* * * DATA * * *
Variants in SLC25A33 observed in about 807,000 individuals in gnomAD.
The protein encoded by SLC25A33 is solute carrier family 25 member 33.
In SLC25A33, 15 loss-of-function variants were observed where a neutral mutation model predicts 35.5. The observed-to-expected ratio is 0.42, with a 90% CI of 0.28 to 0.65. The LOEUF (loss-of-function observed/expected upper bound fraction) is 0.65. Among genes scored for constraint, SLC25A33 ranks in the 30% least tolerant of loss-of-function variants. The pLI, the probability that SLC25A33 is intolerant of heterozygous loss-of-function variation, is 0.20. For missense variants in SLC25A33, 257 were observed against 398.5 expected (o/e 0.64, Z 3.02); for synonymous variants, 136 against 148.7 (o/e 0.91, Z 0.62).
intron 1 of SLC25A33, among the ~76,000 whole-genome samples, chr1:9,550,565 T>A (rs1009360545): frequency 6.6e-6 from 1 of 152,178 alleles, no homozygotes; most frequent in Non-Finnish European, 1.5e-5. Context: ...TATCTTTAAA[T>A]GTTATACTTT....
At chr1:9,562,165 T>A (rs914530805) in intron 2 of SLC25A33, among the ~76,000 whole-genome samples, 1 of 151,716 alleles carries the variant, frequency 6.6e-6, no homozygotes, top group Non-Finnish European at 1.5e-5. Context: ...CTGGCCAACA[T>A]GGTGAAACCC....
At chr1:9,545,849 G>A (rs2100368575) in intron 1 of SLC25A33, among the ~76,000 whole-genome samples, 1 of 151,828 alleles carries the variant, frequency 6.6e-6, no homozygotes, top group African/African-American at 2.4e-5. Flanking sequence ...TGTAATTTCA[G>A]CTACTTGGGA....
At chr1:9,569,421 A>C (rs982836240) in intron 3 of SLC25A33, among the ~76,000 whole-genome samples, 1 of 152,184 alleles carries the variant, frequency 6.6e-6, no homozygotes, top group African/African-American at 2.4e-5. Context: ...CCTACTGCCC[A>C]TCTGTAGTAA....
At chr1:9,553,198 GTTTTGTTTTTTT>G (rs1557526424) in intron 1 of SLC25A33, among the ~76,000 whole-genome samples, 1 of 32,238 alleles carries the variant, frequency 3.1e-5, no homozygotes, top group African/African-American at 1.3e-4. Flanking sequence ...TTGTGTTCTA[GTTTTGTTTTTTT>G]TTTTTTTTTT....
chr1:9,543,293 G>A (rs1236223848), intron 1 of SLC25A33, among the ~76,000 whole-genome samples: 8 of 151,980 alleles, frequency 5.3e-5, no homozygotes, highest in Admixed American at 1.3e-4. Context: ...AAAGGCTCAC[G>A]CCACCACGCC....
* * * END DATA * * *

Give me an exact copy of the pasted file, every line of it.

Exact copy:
Variants in SLC25A33 observed in about 807,000 individuals in gnomAD.
The protein encoded by SLC25A33 is solute carrier family 25 member 33.
In SLC25A33, 15 loss-of-function variants were observed where a neutral mutation model predicts 35.5. The observed-to-expected ratio is 0.42, with a 90% CI of 0.28 to 0.65. The LOEUF (loss-of-function observed/expected upper bound fraction) is 0.65. Among genes scored for constraint, SLC25A33 ranks in the 30% least tolerant of loss-of-function variants. The pLI, the probability that SLC25A33 is intolerant of heterozygous loss-of-function variation, is 0.20. For missense variants in SLC25A33, 257 were observed against 398.5 expected (o/e 0.64, Z 3.02); for synonymous variants, 136 against 148.7 (o/e 0.91, Z 0.62).
intron 1 of SLC25A33, among the ~76,000 whole-genome samples, chr1:9,550,565 T>A (rs1009360545): frequency 6.6e-6 from 1 of 152,178 alleles, no homozygotes; most frequent in Non-Finnish European, 1.5e-5. Context: ...TATCTTTAAA[T>A]GTTATACTTT....
At chr1:9,562,165 T>A (rs914530805) in intron 2 of SLC25A33, among the ~76,000 whole-genome samples, 1 of 151,716 alleles carries the variant, frequency 6.6e-6, no homozygotes, top group Non-Finnish European at 1.5e-5. Context: ...CTGGCCAACA[T>A]GGTGAAACCC....
At chr1:9,545,849 G>A (rs2100368575) in intron 1 of SLC25A33, among the ~76,000 whole-genome samples, 1 of 151,828 alleles carries the variant, frequency 6.6e-6, no homozygotes, top group African/African-American at 2.4e-5. Flanking sequence ...TGTAATTTCA[G>A]CTACTTGGGA....
At chr1:9,569,421 A>C (rs982836240) in intron 3 of SLC25A33, among the ~76,000 whole-genome samples, 1 of 152,184 alleles carries the variant, frequency 6.6e-6, no homozygotes, top group African/African-American at 2.4e-5. Context: ...CCTACTGCCC[A>C]TCTGTAGTAA....
At chr1:9,553,198 GTTTTGTTTTTTT>G (rs1557526424) in intron 1 of SLC25A33, among the ~76,000 whole-genome samples, 1 of 32,238 alleles carries the variant, frequency 3.1e-5, no homozygotes, top group African/African-American at 1.3e-4. Flanking sequence ...TTGTGTTCTA[GTTTTGTTTTTTT>G]TTTTTTTTTT....
chr1:9,543,293 G>A (rs1236223848), intron 1 of SLC25A33, among the ~76,000 whole-genome samples: 8 of 151,980 alleles, frequency 5.3e-5, no homozygotes, highest in Admixed American at 1.3e-4. Context: ...AAAGGCTCAC[G>A]CCACCACGCC....